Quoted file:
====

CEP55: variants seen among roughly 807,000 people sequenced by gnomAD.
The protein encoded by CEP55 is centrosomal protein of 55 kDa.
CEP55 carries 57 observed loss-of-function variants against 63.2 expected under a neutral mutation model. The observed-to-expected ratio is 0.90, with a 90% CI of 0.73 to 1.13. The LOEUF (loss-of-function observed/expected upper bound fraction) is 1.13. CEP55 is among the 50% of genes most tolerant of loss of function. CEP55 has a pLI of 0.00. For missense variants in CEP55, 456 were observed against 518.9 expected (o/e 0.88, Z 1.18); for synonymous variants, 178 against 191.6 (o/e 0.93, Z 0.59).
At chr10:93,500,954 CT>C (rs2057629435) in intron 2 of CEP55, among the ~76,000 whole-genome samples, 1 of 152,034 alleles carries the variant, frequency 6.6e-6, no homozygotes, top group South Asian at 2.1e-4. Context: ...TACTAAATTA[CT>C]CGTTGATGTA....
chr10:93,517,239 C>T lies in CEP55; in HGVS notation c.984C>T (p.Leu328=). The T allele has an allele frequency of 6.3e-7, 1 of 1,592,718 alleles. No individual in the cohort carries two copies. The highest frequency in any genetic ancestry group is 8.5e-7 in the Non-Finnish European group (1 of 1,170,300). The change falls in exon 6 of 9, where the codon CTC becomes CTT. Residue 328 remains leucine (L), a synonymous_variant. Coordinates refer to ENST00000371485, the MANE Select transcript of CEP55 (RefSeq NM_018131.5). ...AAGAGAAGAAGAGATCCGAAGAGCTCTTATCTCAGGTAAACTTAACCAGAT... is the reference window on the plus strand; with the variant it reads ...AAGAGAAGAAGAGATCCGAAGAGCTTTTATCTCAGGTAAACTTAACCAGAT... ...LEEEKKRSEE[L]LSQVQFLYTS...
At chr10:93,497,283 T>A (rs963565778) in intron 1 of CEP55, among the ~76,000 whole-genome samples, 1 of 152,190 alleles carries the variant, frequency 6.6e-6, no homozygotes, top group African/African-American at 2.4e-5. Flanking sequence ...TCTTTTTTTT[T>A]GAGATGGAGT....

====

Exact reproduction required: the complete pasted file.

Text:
CEP55: variants seen among roughly 807,000 people sequenced by gnomAD.
The protein encoded by CEP55 is centrosomal protein of 55 kDa.
CEP55 carries 57 observed loss-of-function variants against 63.2 expected under a neutral mutation model. The observed-to-expected ratio is 0.90, with a 90% CI of 0.73 to 1.13. The LOEUF (loss-of-function observed/expected upper bound fraction) is 1.13. CEP55 is among the 50% of genes most tolerant of loss of function. CEP55 has a pLI of 0.00. For missense variants in CEP55, 456 were observed against 518.9 expected (o/e 0.88, Z 1.18); for synonymous variants, 178 against 191.6 (o/e 0.93, Z 0.59).
At chr10:93,500,954 CT>C (rs2057629435) in intron 2 of CEP55, among the ~76,000 whole-genome samples, 1 of 152,034 alleles carries the variant, frequency 6.6e-6, no homozygotes, top group South Asian at 2.1e-4. Context: ...TACTAAATTA[CT>C]CGTTGATGTA....
chr10:93,517,239 C>T lies in CEP55; in HGVS notation c.984C>T (p.Leu328=). The T allele has an allele frequency of 6.3e-7, 1 of 1,592,718 alleles. No individual in the cohort carries two copies. The highest frequency in any genetic ancestry group is 8.5e-7 in the Non-Finnish European group (1 of 1,170,300). The change falls in exon 6 of 9, where the codon CTC becomes CTT. Residue 328 remains leucine (L), a synonymous_variant. Coordinates refer to ENST00000371485, the MANE Select transcript of CEP55 (RefSeq NM_018131.5). ...AAGAGAAGAAGAGATCCGAAGAGCTCTTATCTCAGGTAAACTTAACCAGAT... is the reference window on the plus strand; with the variant it reads ...AAGAGAAGAAGAGATCCGAAGAGCTTTTATCTCAGGTAAACTTAACCAGAT... ...LEEEKKRSEE[L]LSQVQFLYTS...
At chr10:93,497,283 T>A (rs963565778) in intron 1 of CEP55, among the ~76,000 whole-genome samples, 1 of 152,190 alleles carries the variant, frequency 6.6e-6, no homozygotes, top group African/African-American at 2.4e-5. Flanking sequence ...TCTTTTTTTT[T>A]GAGATGGAGT....